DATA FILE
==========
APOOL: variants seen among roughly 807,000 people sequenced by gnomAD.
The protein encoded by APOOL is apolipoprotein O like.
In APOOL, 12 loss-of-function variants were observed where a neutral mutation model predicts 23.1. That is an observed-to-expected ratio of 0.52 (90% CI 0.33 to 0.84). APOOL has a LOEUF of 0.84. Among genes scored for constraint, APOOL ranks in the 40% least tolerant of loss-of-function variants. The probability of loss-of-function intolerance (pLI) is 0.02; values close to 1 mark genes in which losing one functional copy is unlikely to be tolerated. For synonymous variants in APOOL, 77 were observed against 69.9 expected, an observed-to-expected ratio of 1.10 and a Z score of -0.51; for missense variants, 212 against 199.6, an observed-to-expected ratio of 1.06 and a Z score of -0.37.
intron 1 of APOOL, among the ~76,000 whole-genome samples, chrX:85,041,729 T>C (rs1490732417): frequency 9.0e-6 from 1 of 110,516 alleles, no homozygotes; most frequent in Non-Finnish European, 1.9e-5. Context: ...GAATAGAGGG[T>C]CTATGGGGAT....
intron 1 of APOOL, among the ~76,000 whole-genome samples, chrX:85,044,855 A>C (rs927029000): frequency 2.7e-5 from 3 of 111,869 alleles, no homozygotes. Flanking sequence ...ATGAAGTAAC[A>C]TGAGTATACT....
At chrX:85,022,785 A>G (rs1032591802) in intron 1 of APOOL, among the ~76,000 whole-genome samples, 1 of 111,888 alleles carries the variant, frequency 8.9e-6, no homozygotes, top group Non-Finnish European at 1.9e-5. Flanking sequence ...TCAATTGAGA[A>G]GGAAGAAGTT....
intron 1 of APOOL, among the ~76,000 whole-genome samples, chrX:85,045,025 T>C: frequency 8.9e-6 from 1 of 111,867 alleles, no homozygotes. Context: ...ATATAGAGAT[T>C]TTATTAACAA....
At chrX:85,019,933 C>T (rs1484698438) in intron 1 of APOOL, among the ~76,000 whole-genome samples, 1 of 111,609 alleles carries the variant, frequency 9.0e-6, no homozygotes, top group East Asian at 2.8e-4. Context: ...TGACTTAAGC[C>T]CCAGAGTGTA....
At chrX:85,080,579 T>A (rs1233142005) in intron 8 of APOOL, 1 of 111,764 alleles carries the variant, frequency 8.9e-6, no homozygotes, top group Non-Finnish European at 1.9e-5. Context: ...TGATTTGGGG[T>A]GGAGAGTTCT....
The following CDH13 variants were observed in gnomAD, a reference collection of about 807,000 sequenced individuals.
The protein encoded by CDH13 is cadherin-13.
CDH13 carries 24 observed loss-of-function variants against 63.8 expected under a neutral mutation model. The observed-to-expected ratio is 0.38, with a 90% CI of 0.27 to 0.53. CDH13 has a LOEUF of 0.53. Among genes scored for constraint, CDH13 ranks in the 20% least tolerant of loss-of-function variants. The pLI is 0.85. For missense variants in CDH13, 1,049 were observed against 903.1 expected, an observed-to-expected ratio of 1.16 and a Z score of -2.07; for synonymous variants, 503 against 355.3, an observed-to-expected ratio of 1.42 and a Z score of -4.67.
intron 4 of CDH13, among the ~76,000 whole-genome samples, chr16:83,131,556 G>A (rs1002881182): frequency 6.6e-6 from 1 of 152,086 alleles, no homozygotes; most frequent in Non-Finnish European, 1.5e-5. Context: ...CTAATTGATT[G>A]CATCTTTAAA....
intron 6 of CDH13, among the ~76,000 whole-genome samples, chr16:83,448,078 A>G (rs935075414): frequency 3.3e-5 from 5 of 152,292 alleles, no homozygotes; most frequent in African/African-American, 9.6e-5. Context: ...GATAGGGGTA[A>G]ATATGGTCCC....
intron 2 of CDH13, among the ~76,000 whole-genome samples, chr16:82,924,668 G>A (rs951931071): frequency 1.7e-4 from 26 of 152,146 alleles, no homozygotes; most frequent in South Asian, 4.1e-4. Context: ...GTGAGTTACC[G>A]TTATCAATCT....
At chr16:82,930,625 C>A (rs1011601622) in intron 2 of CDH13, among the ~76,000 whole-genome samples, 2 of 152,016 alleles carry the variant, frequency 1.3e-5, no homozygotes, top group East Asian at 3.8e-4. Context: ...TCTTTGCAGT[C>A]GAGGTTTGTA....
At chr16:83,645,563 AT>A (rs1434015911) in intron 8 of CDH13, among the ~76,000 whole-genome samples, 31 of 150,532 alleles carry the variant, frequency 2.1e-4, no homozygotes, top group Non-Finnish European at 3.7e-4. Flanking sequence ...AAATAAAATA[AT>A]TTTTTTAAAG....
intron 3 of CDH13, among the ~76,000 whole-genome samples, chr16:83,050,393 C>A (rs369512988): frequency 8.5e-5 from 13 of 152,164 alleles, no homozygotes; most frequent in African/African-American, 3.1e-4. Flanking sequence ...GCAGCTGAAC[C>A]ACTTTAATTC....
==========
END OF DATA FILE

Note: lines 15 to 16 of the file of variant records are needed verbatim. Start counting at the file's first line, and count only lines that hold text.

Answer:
intron 2 of CDH13, among the ~76,000 whole-genome samples, chr16:82,924,668 G>A (rs951931071): frequency 1.7e-4 from 26 of 152,146 alleles, no homozygotes; most frequent in South Asian, 4.1e-4. Context: ...GTGAGTTACC[G>A]TTATCAATCT....
At chr16:82,930,625 C>A (rs1011601622) in intron 2 of CDH13, among the ~76,000 whole-genome samples, 2 of 152,016 alleles carry the variant, frequency 1.3e-5, no homozygotes, top group East Asian at 3.8e-4. Context: ...TCTTTGCAGT[C>A]GAGGTTTGTA....